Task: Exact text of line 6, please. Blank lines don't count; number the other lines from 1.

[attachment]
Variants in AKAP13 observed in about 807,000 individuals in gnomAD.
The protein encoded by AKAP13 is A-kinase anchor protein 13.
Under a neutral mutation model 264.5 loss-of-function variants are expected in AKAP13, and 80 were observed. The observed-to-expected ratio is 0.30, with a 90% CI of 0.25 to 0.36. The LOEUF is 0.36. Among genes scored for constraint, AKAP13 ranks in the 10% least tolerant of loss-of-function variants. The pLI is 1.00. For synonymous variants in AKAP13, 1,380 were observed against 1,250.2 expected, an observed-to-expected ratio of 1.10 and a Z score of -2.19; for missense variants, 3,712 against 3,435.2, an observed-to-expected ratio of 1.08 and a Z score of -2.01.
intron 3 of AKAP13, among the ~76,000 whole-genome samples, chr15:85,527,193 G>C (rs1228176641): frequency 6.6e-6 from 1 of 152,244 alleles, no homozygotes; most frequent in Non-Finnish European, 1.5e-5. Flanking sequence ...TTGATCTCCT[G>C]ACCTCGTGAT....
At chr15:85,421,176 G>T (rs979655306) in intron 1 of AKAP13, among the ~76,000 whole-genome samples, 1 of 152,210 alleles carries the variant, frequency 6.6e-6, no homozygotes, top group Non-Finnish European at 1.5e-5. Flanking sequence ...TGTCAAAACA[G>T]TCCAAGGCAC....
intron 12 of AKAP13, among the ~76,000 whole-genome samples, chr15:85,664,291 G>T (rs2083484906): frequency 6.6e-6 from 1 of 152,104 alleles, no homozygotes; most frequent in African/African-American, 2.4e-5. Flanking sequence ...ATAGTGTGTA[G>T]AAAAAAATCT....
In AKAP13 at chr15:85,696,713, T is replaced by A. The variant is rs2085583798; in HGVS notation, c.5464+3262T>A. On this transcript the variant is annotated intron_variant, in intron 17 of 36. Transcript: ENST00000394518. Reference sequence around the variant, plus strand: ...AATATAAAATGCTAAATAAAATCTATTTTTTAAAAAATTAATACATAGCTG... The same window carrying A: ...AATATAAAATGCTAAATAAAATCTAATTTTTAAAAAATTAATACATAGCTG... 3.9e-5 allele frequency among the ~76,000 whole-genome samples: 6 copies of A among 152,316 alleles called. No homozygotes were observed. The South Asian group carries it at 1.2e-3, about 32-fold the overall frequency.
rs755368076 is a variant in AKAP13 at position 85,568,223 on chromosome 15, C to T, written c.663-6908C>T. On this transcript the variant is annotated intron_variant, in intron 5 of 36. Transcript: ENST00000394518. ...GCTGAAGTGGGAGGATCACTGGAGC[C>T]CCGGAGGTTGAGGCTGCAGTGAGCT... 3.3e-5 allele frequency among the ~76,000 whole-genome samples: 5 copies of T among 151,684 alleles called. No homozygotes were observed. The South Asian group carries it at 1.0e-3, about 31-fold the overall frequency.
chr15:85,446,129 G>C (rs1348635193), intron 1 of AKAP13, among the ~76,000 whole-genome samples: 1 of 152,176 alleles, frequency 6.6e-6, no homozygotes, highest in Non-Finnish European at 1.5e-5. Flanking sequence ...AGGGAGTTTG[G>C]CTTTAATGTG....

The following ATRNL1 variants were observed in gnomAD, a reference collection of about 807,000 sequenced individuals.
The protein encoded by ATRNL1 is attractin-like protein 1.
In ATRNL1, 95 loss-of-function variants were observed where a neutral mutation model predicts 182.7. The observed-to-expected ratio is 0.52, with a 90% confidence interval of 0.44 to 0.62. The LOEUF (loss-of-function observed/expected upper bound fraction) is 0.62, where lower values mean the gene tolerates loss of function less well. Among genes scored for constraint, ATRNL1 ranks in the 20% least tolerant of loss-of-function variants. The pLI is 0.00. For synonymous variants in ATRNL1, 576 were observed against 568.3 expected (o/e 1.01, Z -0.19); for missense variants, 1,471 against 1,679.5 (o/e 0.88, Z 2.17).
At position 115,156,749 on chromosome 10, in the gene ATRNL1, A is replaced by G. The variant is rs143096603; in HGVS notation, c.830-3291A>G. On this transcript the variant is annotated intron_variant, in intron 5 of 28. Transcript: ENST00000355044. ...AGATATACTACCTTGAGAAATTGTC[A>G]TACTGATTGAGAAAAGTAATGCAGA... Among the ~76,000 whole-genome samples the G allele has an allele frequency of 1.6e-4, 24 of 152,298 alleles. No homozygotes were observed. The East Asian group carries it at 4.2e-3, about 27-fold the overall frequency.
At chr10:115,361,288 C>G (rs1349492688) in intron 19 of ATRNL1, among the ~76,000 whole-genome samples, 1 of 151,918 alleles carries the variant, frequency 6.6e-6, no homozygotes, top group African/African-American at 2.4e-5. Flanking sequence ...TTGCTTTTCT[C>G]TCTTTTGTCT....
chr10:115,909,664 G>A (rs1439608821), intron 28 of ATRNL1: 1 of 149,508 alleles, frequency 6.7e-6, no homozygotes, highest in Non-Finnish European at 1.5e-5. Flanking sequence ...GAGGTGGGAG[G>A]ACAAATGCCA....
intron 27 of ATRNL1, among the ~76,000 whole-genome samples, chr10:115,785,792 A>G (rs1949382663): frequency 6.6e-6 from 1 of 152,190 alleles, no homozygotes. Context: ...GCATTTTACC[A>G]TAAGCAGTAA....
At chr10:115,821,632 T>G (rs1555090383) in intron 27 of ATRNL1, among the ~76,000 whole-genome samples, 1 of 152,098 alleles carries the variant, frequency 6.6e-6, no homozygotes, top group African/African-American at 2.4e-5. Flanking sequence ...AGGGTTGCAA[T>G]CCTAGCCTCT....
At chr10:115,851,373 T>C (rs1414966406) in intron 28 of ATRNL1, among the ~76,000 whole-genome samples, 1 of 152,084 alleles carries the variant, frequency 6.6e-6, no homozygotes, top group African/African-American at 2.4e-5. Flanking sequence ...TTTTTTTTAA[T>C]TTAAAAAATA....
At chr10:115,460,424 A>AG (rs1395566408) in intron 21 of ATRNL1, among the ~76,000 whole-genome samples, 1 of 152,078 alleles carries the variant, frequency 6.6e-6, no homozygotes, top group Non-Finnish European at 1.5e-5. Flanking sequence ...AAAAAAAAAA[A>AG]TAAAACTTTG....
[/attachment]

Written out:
intron 12 of AKAP13, among the ~76,000 whole-genome samples, chr15:85,664,291 G>T (rs2083484906): frequency 6.6e-6 from 1 of 152,104 alleles, no homozygotes; most frequent in African/African-American, 2.4e-5. Flanking sequence ...ATAGTGTGTA[G>T]AAAAAAATCT....